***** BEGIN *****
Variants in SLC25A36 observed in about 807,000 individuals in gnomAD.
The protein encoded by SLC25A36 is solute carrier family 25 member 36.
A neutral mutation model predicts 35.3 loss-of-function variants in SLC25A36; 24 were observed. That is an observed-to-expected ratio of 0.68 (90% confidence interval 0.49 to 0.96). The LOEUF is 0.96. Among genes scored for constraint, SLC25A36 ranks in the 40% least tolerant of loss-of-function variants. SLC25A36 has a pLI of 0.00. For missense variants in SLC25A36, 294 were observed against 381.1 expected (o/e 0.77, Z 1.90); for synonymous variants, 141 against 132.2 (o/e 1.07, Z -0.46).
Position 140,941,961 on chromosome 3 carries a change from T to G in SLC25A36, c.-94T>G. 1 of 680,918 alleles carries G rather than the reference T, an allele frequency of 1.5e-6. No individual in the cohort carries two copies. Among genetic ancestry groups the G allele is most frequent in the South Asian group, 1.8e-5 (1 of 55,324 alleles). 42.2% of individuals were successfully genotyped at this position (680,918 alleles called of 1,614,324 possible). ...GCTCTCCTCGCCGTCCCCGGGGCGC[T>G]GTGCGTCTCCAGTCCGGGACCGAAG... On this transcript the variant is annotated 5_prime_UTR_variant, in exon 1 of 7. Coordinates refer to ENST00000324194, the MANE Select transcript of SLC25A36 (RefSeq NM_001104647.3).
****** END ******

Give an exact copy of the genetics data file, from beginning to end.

Variants in SLC25A36 observed in about 807,000 individuals in gnomAD.
The protein encoded by SLC25A36 is solute carrier family 25 member 36.
A neutral mutation model predicts 35.3 loss-of-function variants in SLC25A36; 24 were observed. That is an observed-to-expected ratio of 0.68 (90% confidence interval 0.49 to 0.96). The LOEUF is 0.96. Among genes scored for constraint, SLC25A36 ranks in the 40% least tolerant of loss-of-function variants. SLC25A36 has a pLI of 0.00. For missense variants in SLC25A36, 294 were observed against 381.1 expected (o/e 0.77, Z 1.90); for synonymous variants, 141 against 132.2 (o/e 1.07, Z -0.46).
Position 140,941,961 on chromosome 3 carries a change from T to G in SLC25A36, c.-94T>G. 1 of 680,918 alleles carries G rather than the reference T, an allele frequency of 1.5e-6. No individual in the cohort carries two copies. Among genetic ancestry groups the G allele is most frequent in the South Asian group, 1.8e-5 (1 of 55,324 alleles). 42.2% of individuals were successfully genotyped at this position (680,918 alleles called of 1,614,324 possible). ...GCTCTCCTCGCCGTCCCCGGGGCGC[T>G]GTGCGTCTCCAGTCCGGGACCGAAG... On this transcript the variant is annotated 5_prime_UTR_variant, in exon 1 of 7. Coordinates refer to ENST00000324194, the MANE Select transcript of SLC25A36 (RefSeq NM_001104647.3).